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[How Do I:] Secure my Site using Membership and Roles?

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Welcome to this ASP.NET tour of Membership and Roles. If you've built web apps in the past, you've probably spent a lot of time adding your own user name and password system to your site. Now you don't need to, because with ASP.NET 2.0 you can secure your app with this built-in password management system called Membership, and you also get a bunch of UI controls for helping your users log in, recover passwords, and register for your site. So let's start by creating a new web site. This web site is going to be based on a template that I previously created from the MasterPages video. This is simply under Visual Studio 2005, under Templates, Project. There's a zip file right here, And as you'll see, it's just a simple collection of a couple pages that I've already populated to make this demo look a little bit better. So I'll call this our new project Membership because we're going to be talking about how we manage members in a web site and their roles. What I have here, what's important here is this web config file, which is empty or there's not a whole lot in it, a StyleSheet, a MasterPage, and these pages are all blank. So let me show you. Our Default page is just a simple content page. But because I've already wired it up in the previous video to a MasterPage, if we view this thing, you're going to see that it's just a placeholder ready to go. What we're going to do in this video is populate some of the things like Login and Create Account and things like that. Let me close that and we'll start first by jumping into this new site using this new button right here, the ASP.NET Configuration. By clicking on that, we're going to go to a page that's provided for us automatically to administer our site. We are just concerned with the Security tab. In here we're going to do a couple things. Right now the site is set up to support your basic Windows authentication. So let's change that to work with on the authentication that you would expect on an Internet application, so the kind of user password things that you would expect. So we'll switch that over, and let's do a couple of things here. We're going to enable roles on our site. Roles are like groups of users, and I'm going to create a couple of simple roles. An administrator role. I always have trouble spelling that. So we have administrators and we have basic users, and maybe we have another role called power users that can do special things on the site. So there. We have 3 basic groups of users. Now I'm going to create my first account to kind of bootstrap the whole process, and this will be for me. You have to have a pretty strong password. A combination of alphanumeric and punctuation. I'll put myself in the administrators and users group and we'll set up an email address. And the security question, this is kind of neat. Favorite color? I'll put blue. Okay, so we have our first user. So at this point we can close this site and go back to our project. Now watch the change here when I hit Refresh. We have a new folder here called App_Data and inside is an Express database, ASPNETDB, that was created for us automatically. And it's inside here that ASP.NET automatically manages our users and our accounts and roles. In fact, if I go into the ASP.NET Membership table, I just want to show you what's in here. You don't normally have to deal directly with this database. But my account here, [email protected], you can see there's my color, my question, and my encrypted password answer. Over here is my password, and you can see it's salted. This indicates to me it's a one-way hash, which is nice. This is a pretty secure system right out of the box. What's better, though, is using that database is very simple. We're going to start by going back to our Default page. Let's go to Design mode, and I'm going to spend the rest of the time using these new components right here. Because this is the Default page, it's the site that everyone hits. You're going to hit it when you're not currently authenticated. So what we want to do is present the user with an option to login and maybe even also to create a new account. So we'll do that here. I could just start typing you can login here and then drag a hyperlink over, but the problem is when I go back to this page when I'm already authenticated, I don't want to re-login. So I need this control called the LoginView. This manages the contents inside this little box here depending on whether or not I'm logged in or not. So the anonymous template is going to look something like this. You are not logged in. We can drag over a hyperlink login, and I'll drag over a hyperlink to— What else can you do if you're not logged in? You can create an account. So those are the 2 options that we have. And if we are authenticated, we want to say something like Welcome back, LoginName. And from here you do something like change your password. So I dragged over this component called LoginName, which is nice because it's going to pull using the Membership APIs in ASP.NET. It's going to pull the user name in automatically. I don't have to do anything there for that. So in order to test this LoginView, we need to actually enable our site to be logged in. So let's go to our Login page and set up our login form. As you can imagine, we need 2 text boxes and a button. When they click the button, we need to authenticate and all this stuff, but ASP.NET makes it easy with the Login control right here. So I drag that onto my form. I'm basically done. I can go to Auto Format and change it to—Professional is good. And let's hit Save. I think at this point we can go ahead and bring up the site. Okay, so we have our anonymous template, so we can login. I'll enter the account information that we just set up and login. Notice it takes me right back to the Default page, and the template is different because it now knows who I am, and from here I can change the password. So far, so good. We got a lot of functionality without writing any code yet. Let's go and customize this a bit further. Let's go back to the Login page and add a new feature here. If I bring up the properties for this component, there's quite a bit here. The one I want to show you is this PasswordRecovery. There's a built-in password recovery system which has a bit of workflow involved. We can add some text like Forgot your password? and then have a page that you can go to when you forget your password. You can see it added that hyperlink for us automatically. Let's go and build out that page, Forgot password. As you might expect, we need another component, this PasswordRecovery control. All we need to do is drag it over. It's going to take care of the rest. We do need to set up the email information, though. So under the MailDefinition we'll do something like this is from [email protected] and maybe make the priority a high priority. And the subject is Your new temporary password. That's good. If we try to use this page right away and send a password back, it's not going to work because we have to change a setting on the web site. So let's go back to the web site administration. We have to tell it where our exchange server is or our SMTP server. So if we go back to Security— Actually, we need to go to the Application configuration area and set up the SMTP server. Here it's just exchange01, we'll make it from— Okay. Save that, close the page. Now I think we're all set to go. So we'll go back to our Default page, and this time I'll go to the Login page, but let's say I forgot my password. I still need my user name, which is scott. And watch, it asks me that favorite color question that I typed in, which is blue. And that's it. So the password has been mailed to me. So now I can go check it out. Yes, this is my real account. Don't read all my email. Okay. It should be right here, no reply. Okay. It says return to the site and use this password. So I'm going to have to copy that to the clipboard. Close those 2. Now let's bring our page back up. Now I can login as scott. I'm going to paste that password back in, and it worked, which is good. I need to change that password because I'm not going to remember that, and our ChangePassword link has not been hooked up. But as you can imagine, that's probably another component. So we go to ChangePassword, empty that text, and let's drag in the ChangePassword component. Save it, close the page, and just kind of rerun it. And I have to log back on. Fortunately, I still have that password in the clipboard. So I'll login as that and then ChangePassword should work. So here's my old one, and here's the one I'm changing it to something I can actually remember. And we're good. So you can see very quickly we've added a lot of new features. Let's keep going. Let's hook up this CreateAccount page. This will show some of our final components here, the CreateUserWizard. This is pretty slick. It's got really 2 steps. You sign up for your account, entering all this information, and then you've finished. I'm going to add a custom step. Let's add a step where the user could select their role. You wouldn't normally do this. You're not going to let a new user change their role. But I just had to come up with some idea here. So let's say Choose your role, and this will allow us to select a role from the Membership page that we set up. So for this we need to drop into source code view. I'm really just showing you so you can see the degree of extensibility we have. This is the wizard step that we just added, Choose your role. If we go back to the Design mode, I'm going to need a couple things for this page. I just need Select a role, and we'll drag in a ListBox. There. Okay, now let's go back to the source code view. I have a couple methods that I can handle. When the page is activated I'm going to call Activate—it's really a step, and when it's deactivated I'll call DeactivateStep. What I need is a couple of script blocks here of code that runs on the server. I have these on the clipboard, so I'm just going to paste them in. Let me explain what these 2 methods do. When that step is activated, I'm using the Roles variable just to get a list. I'm binding it directly to the ListBox. When we move on to the next step, I'm simply finding whatever role was selected and adding it to this new user account, adding the role to that user. So let's close this guy, and I want to use this step to create a user that doesn't have any administrative privileges. So I'll create an account called mike. Okay. So we have a new account that's part of just the users group. And we finish and we're done. Now we can login as mike. Cool. That all worked. Now here's the deal. Here's what I want to do. I actually want these pages, Manage Accounts and Display Reports, which are just dummy pages but let's say I want to protect those so those pages are accessible from anyone in the administrators role like Scott but not accessible for someone like Mike in the users role. To do that, let's create a new folder here. I'll call it Admin. What I'd like to do is move these 2 files, Display Reports and Manage Accounts, into that folder. That's a convenient place for us to hold pages that we want to be protected. So the way we go and do that, if we hit the ASP.NET configuration page again, there's a way for us to protect those pages. Under Security again, under Create access rules we need to create 2 rules. This Admin folder, let's say if you're in the administrators role you're allowed privileges to any file on that page. And we create another rule. We'll exclude all other users. So they're denied. What that's really doing behind the scenes, if we hit Refresh, is it created a web config file when we could have done this directly. So you can see everything in this folder is denied unless you're in the administrators role. Since we moved these 2 pages inside the Admin folder, if we ever want to get to them again, I need to modify the web sitemap. So the URL for those pages are now under admin, and this component, if you want to know what this is for, watch the navigation video. This is used by the tree control on the left-hand side. So because we moved those, we have to keep that in sync. Now if I go back and login as mike, if we try to get to this Manage Accounts page you can see it simply redirects us back into the Login page because it knows that we don't have privileges. So if I login as scott, an account where we do have privileges, I can see the page. Of course it's empty. We haven't really done anything in there yet. However, notice this little problem right here, our image controls? If we bring up the properties, they're still pointing back to our main admin— it's pointing to a local folder called images under the Admin folder, which we don't have. So in order to fix this last little problem, we need to go back to our MasterPages. When I created the MasterPages originally, I didn't think that those images would be accessed from anywhere but on the root. See this image tag right here? What I'd really like is for the images to come off the top level. But if I put a slash, then it's not going to find it in the Membership web site. So what I need to do is change this to an asp:Image control and setting the runat="server." By doing this, I have access to this feature that allows me to set a path. ImageSrc. If I put a tilde right here, that tilde will be mapped at runtime to the root of my site. What is this? Oh, ImageUrl. Sorry. There we go. So I need to do the same with my other image. I've got to locate it. Here's the other one. So I'll copy and just replace that, stick the runat="server" in there, and change source to that and stick in the tilde. Now when I go back to this page, Display Reports, of course I have to login first, which is nice it handled that for me automatically. Now I get my images to work, which is great. The final thing I want to do, if you notice if we login as mike, the menu here still shows these as options, Manage Accounts and Display Reports. If we want to hide that, we need to modify the default behavior of the site provider. So for that, inside the web config we need to add an entry for the sitemap. This is another block of text I have in the clipboard, so instead of typing it I'll just paste it in. What we're doing here is we're setting up our sitemap, and the key line is this securityTrimmingEnabled. What that does is it uses the overall security settings and removes pages from the menu that you're not allowed to see. Let me just demonstrate it for you. Notice I don't have those pages here under the Administration tab. I can still get to the main admin page, but I can't even see that I have those other options. But as soon as I login as scott, those options show up for me automatically. So all this code that we've done in the past 10 or 20 minutes, very little code but all this functionality, if we had to do all this from scratch and code it with ASP.NET 1.1, it would probably take a week. And on top of that, we may have not even done it in a secure way. So we've got this whole neat system with very little code to create Membership and Roles that you can add right now to your web sites.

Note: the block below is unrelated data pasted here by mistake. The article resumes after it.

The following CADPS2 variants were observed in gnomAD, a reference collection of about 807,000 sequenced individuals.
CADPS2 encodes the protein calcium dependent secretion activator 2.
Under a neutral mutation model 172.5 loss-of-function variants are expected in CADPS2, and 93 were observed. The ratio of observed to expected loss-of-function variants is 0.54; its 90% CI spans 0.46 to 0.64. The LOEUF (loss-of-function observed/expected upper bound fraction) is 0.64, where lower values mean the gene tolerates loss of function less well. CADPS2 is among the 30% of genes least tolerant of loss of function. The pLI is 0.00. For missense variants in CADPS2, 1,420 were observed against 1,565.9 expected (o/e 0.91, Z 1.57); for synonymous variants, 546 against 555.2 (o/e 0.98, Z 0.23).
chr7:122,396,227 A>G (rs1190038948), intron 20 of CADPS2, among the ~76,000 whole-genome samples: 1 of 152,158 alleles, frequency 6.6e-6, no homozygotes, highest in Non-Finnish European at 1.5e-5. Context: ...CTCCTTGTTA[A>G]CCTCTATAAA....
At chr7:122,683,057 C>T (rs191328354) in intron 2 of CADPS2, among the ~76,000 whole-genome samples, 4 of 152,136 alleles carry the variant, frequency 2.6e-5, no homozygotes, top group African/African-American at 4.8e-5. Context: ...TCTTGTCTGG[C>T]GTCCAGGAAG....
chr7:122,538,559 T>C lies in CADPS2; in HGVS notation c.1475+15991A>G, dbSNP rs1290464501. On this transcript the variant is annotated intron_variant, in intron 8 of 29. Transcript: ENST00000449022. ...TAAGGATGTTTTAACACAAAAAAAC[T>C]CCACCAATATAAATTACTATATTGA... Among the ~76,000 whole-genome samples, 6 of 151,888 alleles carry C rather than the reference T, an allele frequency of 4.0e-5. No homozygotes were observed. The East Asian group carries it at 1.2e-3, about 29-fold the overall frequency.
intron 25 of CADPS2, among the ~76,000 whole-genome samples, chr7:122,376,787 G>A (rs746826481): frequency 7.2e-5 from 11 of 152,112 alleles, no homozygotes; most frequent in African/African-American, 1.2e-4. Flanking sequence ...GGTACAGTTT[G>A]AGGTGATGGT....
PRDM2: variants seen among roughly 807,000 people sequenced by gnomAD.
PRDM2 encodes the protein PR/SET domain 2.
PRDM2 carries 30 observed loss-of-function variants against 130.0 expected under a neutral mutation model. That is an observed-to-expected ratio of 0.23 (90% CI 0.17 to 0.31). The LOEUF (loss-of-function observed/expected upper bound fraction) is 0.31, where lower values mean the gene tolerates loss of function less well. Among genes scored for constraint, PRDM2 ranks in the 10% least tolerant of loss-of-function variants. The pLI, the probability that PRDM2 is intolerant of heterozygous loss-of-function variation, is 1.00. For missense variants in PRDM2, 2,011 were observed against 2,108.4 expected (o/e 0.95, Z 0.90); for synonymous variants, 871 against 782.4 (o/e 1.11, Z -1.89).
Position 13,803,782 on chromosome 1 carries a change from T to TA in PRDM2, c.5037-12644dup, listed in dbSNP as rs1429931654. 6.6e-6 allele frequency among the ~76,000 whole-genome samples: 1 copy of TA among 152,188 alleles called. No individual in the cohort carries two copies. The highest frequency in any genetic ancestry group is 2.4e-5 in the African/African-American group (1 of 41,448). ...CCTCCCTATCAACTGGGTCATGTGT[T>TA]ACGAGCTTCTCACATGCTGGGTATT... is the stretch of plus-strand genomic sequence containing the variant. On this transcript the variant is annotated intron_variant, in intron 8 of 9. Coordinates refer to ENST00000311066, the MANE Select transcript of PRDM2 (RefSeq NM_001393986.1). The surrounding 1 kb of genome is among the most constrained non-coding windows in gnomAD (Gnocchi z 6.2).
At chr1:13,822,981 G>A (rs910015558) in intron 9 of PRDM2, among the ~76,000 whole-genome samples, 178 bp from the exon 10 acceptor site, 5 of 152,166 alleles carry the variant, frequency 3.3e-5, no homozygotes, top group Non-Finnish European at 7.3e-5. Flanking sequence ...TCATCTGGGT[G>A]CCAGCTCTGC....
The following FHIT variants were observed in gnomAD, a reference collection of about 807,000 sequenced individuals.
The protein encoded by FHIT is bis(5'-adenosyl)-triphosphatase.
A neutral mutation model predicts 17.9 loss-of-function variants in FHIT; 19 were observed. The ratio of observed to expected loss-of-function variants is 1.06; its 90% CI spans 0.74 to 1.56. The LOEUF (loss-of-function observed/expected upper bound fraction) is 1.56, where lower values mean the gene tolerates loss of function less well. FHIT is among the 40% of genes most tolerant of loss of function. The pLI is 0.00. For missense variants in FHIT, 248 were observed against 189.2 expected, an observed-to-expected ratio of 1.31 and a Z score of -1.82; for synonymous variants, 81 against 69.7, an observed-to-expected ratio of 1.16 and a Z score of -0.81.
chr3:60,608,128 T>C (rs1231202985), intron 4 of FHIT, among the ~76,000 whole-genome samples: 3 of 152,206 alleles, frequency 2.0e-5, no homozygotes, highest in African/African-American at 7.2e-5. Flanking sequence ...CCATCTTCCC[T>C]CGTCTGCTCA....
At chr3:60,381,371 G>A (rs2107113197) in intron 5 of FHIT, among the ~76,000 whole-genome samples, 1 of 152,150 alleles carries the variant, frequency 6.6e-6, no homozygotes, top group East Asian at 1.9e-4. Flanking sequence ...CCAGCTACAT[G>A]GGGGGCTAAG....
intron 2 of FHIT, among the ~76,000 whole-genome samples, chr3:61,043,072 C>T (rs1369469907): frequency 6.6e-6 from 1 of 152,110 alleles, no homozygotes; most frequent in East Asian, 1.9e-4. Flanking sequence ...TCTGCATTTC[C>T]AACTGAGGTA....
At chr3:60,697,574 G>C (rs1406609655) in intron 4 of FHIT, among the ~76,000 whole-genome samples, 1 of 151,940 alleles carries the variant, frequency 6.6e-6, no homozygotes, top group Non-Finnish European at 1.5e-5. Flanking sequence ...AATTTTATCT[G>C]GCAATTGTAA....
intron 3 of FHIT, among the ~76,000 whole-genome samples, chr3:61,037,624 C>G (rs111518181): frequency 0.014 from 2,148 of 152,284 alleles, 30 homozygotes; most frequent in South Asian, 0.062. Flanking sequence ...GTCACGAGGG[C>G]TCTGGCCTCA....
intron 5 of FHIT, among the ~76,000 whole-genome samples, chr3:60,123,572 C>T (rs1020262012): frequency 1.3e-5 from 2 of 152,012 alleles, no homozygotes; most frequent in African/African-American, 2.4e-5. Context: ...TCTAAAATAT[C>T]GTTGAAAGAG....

Video Details

Duration: 17 minutes and 43 seconds
Country: United States
Language: English
License: All rights reserved
Genre: None
Views: 5
Posted by: neudesicasp on Aug 22, 2013

Learn how to secure a web site using the new Membership and Roles features of ASP.NET 2.0. Topics include user registration, password recovery, and restricting access to content with roles.